Medical device maker Medtronic sent a letter to surgeons last month advising them to check carefully before implanting the Activa deep-brain stimulation (DBS) device to make sure the wires are not sharply bent or kinked. The company has received reports of wires fracturing.
In the warning letter, Medtronic said it had 16 reports of high impedance measurements that were found to have been caused by wire fractures. The fractures occurred in adaptor wires connected to pocket adaptors for the Activa PC and Activa RC devices, MassDevice reports.
Although the fractures occurred in just a tiny fraction—0.08%—of the roughly 20,000 Activa devices implanted in patients since 2009, the company sent the physician letter to remind surgeons of proper procedures for implanting and using the devices. Fourteen of the 16 affected devices had to be removed. Two wire fractures were discovered during the implantation procedure, Medtronic said.
The risk of wire fractures is similar to a problem Medtronic warned about in April 2015 with its DBS Extensions devices. “To minimize the potential for a conductor wire fracture, please follow the instructions defined within the DBS Pocket Adaptor Implant Manual as shown below, to ensure that the adaptor wire is not bent sharply or kinked at the time of implant. The full implant manual can be found in product packaging,” Medtronic said.
Medtronic’s DBS devices are used for patients with Parkinson’s disease or Essential Tremor, to help control tremor in patients whose tremor in not adequately controlled by medications and where the tremor constitutes a “significant functional disability.” Deep brain stimulation is also used to “aid in the management of chronic, intractable (drug refractory) primary dystonia.” Dystonia is a movement disorder in which the muscles contract involuntarily, causing repetitive or twisting movements. The muscle spasms can be mild or severe, and might interfere with day-to-day tasks. Surgery is sometimes used to disable or regulate nerves or certain brain regions in people with severe dystonia, the Mayo Clinic explains.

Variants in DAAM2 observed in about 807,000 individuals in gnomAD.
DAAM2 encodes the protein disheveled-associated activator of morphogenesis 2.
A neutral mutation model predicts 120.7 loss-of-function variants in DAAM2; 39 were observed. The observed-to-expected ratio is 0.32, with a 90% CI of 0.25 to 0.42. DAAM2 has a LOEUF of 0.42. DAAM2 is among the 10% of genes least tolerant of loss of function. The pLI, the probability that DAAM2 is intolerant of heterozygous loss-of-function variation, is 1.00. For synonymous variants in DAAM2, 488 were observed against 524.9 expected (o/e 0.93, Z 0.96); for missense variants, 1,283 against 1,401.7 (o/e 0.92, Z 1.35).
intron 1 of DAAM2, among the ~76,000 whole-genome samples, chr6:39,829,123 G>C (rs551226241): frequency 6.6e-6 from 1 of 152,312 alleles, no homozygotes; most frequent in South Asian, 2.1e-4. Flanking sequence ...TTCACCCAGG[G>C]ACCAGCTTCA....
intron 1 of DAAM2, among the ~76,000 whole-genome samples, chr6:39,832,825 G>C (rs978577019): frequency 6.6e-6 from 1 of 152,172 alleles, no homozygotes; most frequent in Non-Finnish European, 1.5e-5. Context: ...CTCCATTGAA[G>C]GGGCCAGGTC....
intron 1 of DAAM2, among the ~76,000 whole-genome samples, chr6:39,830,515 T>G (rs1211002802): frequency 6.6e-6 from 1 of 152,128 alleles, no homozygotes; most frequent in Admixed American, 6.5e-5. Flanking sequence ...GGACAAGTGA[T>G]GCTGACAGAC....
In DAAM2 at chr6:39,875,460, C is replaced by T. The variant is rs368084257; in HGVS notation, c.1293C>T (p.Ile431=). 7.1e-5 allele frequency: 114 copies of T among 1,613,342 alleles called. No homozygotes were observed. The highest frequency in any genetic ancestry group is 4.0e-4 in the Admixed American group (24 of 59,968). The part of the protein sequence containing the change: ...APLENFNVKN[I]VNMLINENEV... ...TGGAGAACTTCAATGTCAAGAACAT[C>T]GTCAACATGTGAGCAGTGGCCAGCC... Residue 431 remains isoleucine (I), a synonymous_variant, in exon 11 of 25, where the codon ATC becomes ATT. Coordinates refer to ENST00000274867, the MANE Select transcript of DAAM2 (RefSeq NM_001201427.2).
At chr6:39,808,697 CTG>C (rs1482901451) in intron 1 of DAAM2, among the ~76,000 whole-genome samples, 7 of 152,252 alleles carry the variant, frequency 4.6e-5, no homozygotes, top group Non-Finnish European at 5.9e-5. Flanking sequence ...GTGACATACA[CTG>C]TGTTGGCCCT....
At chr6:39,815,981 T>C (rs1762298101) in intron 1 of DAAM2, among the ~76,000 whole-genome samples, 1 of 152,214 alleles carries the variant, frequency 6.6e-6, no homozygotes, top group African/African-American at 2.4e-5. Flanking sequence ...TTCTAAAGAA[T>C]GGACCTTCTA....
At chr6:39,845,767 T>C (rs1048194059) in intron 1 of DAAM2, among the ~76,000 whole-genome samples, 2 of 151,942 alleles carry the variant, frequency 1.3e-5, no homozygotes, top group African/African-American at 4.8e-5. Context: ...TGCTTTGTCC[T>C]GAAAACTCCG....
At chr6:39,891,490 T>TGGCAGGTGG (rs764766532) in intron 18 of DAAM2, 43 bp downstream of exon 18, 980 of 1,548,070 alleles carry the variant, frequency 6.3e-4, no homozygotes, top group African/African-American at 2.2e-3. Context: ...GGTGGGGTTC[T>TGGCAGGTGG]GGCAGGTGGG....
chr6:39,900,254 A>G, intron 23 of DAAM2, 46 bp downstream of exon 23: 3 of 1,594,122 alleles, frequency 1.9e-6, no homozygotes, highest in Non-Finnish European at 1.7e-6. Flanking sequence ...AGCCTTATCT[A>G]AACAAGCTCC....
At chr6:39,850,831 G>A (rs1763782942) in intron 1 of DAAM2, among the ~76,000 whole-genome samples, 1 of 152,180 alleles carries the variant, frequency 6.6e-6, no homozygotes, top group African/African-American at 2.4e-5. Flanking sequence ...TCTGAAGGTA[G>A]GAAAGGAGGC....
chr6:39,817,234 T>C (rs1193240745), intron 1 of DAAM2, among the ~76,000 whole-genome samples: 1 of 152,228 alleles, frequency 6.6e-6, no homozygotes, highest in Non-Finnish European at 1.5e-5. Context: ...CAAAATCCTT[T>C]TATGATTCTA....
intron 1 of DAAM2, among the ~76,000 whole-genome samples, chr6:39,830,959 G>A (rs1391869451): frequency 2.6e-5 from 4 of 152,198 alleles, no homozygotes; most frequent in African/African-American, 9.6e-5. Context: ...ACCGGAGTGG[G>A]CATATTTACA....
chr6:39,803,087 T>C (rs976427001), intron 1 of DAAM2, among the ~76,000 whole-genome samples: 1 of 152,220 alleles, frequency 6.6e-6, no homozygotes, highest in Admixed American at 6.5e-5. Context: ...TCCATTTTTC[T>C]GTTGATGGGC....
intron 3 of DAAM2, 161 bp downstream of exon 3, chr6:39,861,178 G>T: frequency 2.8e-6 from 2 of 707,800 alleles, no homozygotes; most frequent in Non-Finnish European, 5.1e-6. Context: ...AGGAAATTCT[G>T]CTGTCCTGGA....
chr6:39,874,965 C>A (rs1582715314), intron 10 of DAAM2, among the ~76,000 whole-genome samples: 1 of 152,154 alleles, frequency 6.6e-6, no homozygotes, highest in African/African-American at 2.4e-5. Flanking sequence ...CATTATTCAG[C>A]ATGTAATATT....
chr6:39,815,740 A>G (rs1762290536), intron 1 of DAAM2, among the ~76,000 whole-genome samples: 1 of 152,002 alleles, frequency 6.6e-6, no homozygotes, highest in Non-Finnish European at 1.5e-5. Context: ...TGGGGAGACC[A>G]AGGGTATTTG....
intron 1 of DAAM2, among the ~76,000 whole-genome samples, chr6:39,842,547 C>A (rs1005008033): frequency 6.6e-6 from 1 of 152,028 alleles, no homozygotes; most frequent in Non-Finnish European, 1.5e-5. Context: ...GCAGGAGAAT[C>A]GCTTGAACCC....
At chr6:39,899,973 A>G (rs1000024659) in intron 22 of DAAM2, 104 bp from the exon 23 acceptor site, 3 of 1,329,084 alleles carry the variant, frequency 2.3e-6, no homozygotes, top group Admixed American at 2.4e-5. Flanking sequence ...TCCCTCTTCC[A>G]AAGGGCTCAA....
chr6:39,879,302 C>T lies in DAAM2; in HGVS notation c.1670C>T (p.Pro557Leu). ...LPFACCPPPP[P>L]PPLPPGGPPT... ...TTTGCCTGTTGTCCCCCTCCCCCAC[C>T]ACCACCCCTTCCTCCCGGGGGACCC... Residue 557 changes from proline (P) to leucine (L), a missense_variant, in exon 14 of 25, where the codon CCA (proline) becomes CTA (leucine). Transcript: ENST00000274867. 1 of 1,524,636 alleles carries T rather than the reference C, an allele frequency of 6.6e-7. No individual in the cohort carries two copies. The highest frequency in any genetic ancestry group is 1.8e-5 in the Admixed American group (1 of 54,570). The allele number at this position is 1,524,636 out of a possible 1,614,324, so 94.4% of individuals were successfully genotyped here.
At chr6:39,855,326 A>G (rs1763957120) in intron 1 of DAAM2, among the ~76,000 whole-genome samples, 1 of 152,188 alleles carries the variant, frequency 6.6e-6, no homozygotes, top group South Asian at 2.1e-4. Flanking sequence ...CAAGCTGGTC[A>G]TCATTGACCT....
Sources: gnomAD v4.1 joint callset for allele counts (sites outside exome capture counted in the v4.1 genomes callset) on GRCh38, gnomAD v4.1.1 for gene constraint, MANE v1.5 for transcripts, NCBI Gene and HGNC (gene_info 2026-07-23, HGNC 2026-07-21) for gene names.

In the product manual, Medtronic warns against abruptly stopping stimulation because the patient may experience a return of symptoms, in some cases at greater intensity than before the implant. Adverse events related to the therapy, the device, or the procedure can include: stimulation not effective, cognitive disorders, pain, dyskinesia, dystonia, speech disorders, infection, intracranial hemorrhage, electromagnetic interference, cardiovascular events, visual disturbances, sensory disturbances, device migration, abnormal gait, headaches, repositioning, abnormal thinking, lead fracture, seizures, respiratory events, and shocking or jolting stimulation. Patients using a rechargeable neurostimulator for Parkinson’s disease or Essential Tremor should check for skin irritation or redness near the neurostimulator during or after recharging, and contact their physician if symptoms persist.